Glover family asks state AG to investigate N.O. coroner
27th January 2014 · 0 Comments
The family of Henry Glover, a West Bank resident who was shot by New Orleans police just days after Hurricane Katrina recently accused Orleans Parish Coroner Dr. Frank Minyard of intentionally stalling and dragging his feet on their request to have the 31-year-old victim’s violent death classified as a homicide.
Glover was gunned down on September 2, 2005 by former NOPD officer David Warren, who was convicted and sentenced to 26 years in prison in 2011 but was later granted a new trial and was acquitted of federal civil rights charges last month by a federal jury.
The Glover family is seeking to have Henry Glover’s death classified as a homicide so that Orleans Parish District Attorney Leon Cannizarro could potentially charge Warren with murder.
Henry Glover’s relatives said January 18 at a press conference organized by the New Orleans branch of the NAACP that New Orleans branch of the NAACP that they’re asking Louisiana Attorney General Buddy Caldwell to look at Dr. Frank Minyard’s recent actions.
Caldwell’s office did not immediately respond to a request from The Associated Press for comment.
Former officer David Warren has testified that he shot at Glover. Other officers burned a car with Glover’s body in it.
Minyard said Jan. 15 that he’s asking Caldwell whether he can consider non-forensic evidence such as trial testimony and photographs.
While Minyard told WVUE-TV on Jan. 18 that he agrees that the death should be re-classified a homicide, he added that the problem is a lack of forensic evidence of homicide.
The coroner agreed to reopen the case after Glover’s family and about 200 activists showed up at his office and demanded justice for Henry Glover in December.
After meeting with the Glover family and its supporters, Minyard also promised to share the documents he has about the case with the family. Four days later, he posted NOPD officers outside of his office and locked the family and a small group of supporters out of the building. While he agreed to share all of the documents in his possession with the family, Glover family members say he reneged on that promise and only gave them a handful of papers.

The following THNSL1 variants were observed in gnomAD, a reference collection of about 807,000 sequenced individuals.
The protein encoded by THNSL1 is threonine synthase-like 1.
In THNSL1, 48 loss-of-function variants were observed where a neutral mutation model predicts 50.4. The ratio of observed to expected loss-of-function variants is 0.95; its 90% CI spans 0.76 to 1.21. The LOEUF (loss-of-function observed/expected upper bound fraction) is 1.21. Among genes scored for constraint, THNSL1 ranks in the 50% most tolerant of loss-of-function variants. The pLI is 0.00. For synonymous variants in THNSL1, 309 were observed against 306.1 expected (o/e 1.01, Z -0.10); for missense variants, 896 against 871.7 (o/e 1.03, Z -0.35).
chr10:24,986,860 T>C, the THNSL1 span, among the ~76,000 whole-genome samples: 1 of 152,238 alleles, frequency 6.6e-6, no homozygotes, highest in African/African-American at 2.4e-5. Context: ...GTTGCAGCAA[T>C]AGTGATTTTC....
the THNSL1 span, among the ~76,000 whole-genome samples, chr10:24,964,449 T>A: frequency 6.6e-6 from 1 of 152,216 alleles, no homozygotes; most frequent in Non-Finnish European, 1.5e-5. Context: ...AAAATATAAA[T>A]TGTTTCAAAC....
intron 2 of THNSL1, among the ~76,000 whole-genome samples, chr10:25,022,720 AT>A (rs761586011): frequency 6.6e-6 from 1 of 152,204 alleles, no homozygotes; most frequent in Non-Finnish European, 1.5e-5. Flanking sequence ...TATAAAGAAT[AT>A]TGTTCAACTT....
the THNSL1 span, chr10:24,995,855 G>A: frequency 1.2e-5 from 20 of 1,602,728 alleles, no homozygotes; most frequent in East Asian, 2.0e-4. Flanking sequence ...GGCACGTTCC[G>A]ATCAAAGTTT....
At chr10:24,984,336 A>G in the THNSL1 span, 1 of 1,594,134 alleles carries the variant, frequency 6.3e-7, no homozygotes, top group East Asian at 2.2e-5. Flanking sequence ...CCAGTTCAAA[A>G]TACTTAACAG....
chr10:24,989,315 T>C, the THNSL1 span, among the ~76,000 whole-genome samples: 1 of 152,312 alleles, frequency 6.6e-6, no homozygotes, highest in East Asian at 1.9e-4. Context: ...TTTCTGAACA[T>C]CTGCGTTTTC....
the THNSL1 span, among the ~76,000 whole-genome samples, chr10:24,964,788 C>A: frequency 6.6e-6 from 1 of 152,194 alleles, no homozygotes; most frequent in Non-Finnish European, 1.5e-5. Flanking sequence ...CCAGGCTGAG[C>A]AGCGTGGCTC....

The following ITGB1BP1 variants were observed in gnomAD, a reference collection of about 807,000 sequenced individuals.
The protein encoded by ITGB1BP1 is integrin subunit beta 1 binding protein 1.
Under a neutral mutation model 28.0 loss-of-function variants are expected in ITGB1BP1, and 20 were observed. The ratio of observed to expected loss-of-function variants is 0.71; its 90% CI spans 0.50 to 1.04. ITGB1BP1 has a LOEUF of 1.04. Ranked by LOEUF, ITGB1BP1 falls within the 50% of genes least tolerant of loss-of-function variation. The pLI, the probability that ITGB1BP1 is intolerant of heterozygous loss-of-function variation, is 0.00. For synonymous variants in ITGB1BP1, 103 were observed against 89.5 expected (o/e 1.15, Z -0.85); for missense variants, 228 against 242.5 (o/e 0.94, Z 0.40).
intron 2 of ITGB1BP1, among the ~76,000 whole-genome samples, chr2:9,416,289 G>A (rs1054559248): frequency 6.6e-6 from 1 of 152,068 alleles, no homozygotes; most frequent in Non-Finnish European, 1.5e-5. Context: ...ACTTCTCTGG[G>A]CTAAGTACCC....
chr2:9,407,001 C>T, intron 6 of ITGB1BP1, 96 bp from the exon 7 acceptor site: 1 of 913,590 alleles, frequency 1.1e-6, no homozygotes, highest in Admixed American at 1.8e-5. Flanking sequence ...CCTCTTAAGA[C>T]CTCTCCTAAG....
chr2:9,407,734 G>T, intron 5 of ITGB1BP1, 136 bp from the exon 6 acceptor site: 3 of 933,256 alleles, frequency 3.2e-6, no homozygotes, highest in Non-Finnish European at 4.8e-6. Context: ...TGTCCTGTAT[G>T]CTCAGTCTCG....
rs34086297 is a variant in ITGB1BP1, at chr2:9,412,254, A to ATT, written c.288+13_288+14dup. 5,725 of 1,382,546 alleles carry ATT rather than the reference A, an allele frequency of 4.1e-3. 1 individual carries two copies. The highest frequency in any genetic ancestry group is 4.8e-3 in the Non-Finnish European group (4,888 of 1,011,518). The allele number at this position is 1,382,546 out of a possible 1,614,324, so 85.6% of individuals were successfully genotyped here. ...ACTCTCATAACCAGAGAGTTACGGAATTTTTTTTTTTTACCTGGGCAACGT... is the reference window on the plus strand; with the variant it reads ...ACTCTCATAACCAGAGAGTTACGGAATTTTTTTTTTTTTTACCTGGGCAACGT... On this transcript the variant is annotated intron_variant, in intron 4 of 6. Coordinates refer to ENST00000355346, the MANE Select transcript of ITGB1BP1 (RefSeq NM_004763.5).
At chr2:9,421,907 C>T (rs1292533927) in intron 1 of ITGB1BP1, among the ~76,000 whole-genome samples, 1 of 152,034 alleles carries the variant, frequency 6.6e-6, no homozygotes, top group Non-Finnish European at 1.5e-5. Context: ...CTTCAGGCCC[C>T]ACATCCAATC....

He estimated that it would take seven to 10 days to complete his investigation of the case but has still not complete his investigation.
In a recent letter to Caldwell, Minyard asks for assistance in resolving the case and informed the AG that he requested documents from the federal trial of David Warren from the FBI but was told that those court proceedings have been sealed.
Minyard said January 18 that he felt bad for the family: “It’s just a horrible situation,” he told The Times-Picayune.
A wide spectrum of community activists and civil rights leaders from several organizations joined the family at the January 18 press conference.
The Rev. Ernest Johnson, president of the state conference of the National Association for the Advancement of Colored People, said the groups planned to ask Caldwell about the “unlawful killing of Mr. Glover” and the “malfeasance” of the coroner for not having issued a ruling on the death.
“The coroner has a duty and a responsibility in the position that he serves, to go ahead and make a final decision,” Johnson said. “This kicking the can down the street is kicking this family down the street.”
“Malfeasance” Minyard asked. He said he’s been trying for 40 years as coroner to do the right thing.